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What you need to know if pulled over out of state for expired Pa. sticker

Written by Teresa Boeckel/The York Daily Record | Aug 14, 2017 11:35 AM
car_registration_sticker.jpg

Pennsylvania is no longer giving out stickers when owners renew their vehicle registration. Some drivers have reported that they are being stopped out-of-state because of the expired stickers.(Photo: Teresa Boeckel, York Daily Record)

PennDOT says it has notified -- and sent reminders -- to authorities in other states.

(Undated) -- Daron Smith was driving in Silver Spring, Maryland, recently when a police officer pulled him over.

The traffic light had just turned yellow as he made a left turn, so he thought that might be the reason.

But the Metro Transit Police officer gave him a different reason: An expired registration sticker on his license plate.

Pennsylvania stopped issuing stickers with vehicle registration renewals at the end of 2016 to save more than $3 million dollars.

The Hellam Township resident said he shared that information with the officer, who responded he knew that but wanted to see Smith's registration card. He showed it to the officer.

"He just looked at my owner's card and let me go on my way," Smith said.

Southern Regional Police, which covers Pennsylvania communities near the Maryland state line, recently posted on its Facebook page that the department has been hearing about problems with the expired stickers when residents travel out-of-state. Some have received citations or tickets.

One woman responded on the department's post that she has received three citations in Chicago. She could not be reached for comment.

Others have shared in discussions on the Southern York County Facebook page that they have been pulled over while out-of-state because of the expired stickers. Smith was one.

The state Department of Transportation has notified law enforcement in other states, and even Canada, that residents are no longer required to display the stickers, said Alexis Campbell, a community relations coordinator with PennDOT.

The agency started communicating the changes at the end of last year, and "we've sent reminders a couple of times," she said.

The American Association of Motor Vehicle Administrators also has helped share the word with its Department of Motor Vehicle and state police members, communications and multimedia manager Claire Jeffrey said.

Pennsylvania is one of a few states that does not issue registration stickers.

Pennsylvania State Police say that if local residents are stopped in other states for just the expired sticker, they should politely make the officer aware of the change, Cpl. Adam Reed said.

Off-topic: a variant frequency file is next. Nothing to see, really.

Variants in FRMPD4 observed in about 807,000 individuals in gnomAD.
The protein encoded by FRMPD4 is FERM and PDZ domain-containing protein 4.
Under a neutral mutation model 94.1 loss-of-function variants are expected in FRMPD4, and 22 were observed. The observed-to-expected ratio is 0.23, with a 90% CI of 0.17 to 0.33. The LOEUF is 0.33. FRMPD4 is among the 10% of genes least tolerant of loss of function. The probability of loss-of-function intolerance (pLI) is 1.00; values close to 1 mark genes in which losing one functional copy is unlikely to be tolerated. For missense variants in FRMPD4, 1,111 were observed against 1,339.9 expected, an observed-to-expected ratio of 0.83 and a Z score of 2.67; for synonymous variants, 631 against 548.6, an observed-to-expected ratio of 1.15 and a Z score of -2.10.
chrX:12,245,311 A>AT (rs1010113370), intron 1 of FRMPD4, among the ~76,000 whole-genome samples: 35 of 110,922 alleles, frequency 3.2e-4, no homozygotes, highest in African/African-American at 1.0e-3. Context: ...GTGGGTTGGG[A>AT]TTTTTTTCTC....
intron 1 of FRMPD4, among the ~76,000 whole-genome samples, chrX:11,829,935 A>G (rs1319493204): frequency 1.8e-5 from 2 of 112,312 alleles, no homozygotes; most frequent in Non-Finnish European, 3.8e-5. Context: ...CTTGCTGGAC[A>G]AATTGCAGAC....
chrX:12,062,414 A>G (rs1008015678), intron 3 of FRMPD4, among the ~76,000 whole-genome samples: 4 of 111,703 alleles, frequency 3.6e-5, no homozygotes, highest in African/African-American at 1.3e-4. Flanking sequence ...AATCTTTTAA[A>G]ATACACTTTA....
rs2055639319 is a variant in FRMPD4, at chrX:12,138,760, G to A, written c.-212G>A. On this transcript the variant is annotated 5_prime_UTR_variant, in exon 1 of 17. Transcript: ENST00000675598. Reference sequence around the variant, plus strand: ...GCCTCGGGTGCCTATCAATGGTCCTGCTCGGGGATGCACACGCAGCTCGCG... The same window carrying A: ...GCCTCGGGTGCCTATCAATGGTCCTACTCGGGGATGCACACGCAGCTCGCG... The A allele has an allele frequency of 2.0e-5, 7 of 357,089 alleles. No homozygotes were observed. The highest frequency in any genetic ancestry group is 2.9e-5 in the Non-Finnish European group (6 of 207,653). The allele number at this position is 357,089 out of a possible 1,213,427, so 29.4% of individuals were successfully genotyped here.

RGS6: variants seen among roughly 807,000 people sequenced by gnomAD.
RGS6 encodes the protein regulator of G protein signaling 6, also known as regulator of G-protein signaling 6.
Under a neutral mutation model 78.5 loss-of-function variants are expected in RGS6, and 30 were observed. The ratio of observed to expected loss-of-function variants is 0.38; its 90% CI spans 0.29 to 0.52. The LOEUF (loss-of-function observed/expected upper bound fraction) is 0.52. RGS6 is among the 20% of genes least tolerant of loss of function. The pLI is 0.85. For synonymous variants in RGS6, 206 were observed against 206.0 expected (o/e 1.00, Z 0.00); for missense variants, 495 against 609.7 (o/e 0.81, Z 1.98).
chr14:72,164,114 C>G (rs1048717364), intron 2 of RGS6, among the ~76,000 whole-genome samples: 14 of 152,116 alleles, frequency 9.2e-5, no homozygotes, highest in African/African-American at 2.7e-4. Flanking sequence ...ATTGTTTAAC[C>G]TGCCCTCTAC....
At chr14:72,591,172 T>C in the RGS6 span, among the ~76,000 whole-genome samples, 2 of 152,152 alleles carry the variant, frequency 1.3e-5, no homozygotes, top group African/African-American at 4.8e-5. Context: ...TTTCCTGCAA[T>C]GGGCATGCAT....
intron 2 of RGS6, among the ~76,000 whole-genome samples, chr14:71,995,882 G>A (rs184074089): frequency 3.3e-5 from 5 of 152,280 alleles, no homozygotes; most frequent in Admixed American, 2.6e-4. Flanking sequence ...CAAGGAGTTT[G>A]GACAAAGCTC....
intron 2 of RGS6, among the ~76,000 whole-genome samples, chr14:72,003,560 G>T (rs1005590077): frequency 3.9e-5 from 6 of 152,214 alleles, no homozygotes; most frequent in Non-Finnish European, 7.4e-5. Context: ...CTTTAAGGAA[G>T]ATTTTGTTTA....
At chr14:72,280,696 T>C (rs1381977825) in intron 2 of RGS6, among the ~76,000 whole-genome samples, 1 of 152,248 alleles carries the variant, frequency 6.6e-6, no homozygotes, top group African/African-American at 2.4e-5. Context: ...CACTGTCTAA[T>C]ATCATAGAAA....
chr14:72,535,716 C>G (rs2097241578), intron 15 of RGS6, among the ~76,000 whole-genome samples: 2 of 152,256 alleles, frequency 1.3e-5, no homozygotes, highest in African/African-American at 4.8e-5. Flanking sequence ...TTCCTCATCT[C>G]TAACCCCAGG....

Drivers should have the registration paperwork in their vehicle, and police officers have access to databases in other states to check the records, he said.

Maryland State Police do know about the change in Pennsylvania, and even if a trooper sees one of the expired stickers, "there's no reason to pull over the motorist" unless there is another violation, spokeswoman Elena Russo said.

"Obeying the law, that's what our state troopers focus on," she said.

Southern Regional Police Chief James Boddington said it seems to be a few isolated cases until agencies get used to the change. One man said his daughter received a ticket while her vehicle was parked at a college in the Washington, D.C. area. 

State Rep. Kristin Phillips-Hill, R-York Township, saw the discussions on Facebook and her office contacted PennDOT. It learned of just one complaint.

The driver had received a ticket while traveling in Chicago, and PennDOT reached out to the law enforcement agency in that area. The ticket was dropped, the representative said.

Phillips-Hill, state Rep. Stan Saylor, R-Windsor Township; and state Rep. Kate Klunk, R-Hanover, said their offices have not received any complaints about the expired stickers.

But if residents do have a problem, they should contact their local legislator. They can reach out and work with PennDOT on it, the representatives said.

Some worry about how the loss of these stickers will affect drivers.

The Rev. Gary Mitchell, who lives in New Castle near the Ohio border, recently wrote a letter to the editor of his local newspaper on the issue. He fears Pennsylvania drivers will be the target for a traffic stop when driving out-of state.

That concerns him because people have lost their lives over traffic stops, Mitchell said in a recent phone interview.

Police are doing their jobs, trying to provide for their families, and drivers need to know how to handle themselves in a situation.

"It could lead to tragedy," he said.

Jennifer Jones, of North Hopewell Township, said she recently received a ticket in Pennsylvania because of an expired inspection sticker on a relative's vehicle she was driving. The car had passed inspection at a local garage, but a new sticker wasn't placed on the windshield.

Jones said the state trooper who stopped her had a difficult time finding the records that it had passed inspection, and she thinks similar problems could arise with the license plate tags.

"This is not the way to go about trying to save a couple dollars," she said.

Some residents have debated on Facebook if they should remove the old, expired stickers from their license plates to avoid any problems.

PennDOT says it's up to the owners if they want to remove them. The stickers are not easy to take off, and that's why they're not required to do so, PennDOT's Campbell said.

Southern Regional Police, however, advises drivers to remove the expired stickers based on what has been happening, according to its Facebook post.

New license plates being manufactured will not have a spot for the sticker, Campbell said.

This story is part of a partnership between WITF and the York Daily Record.

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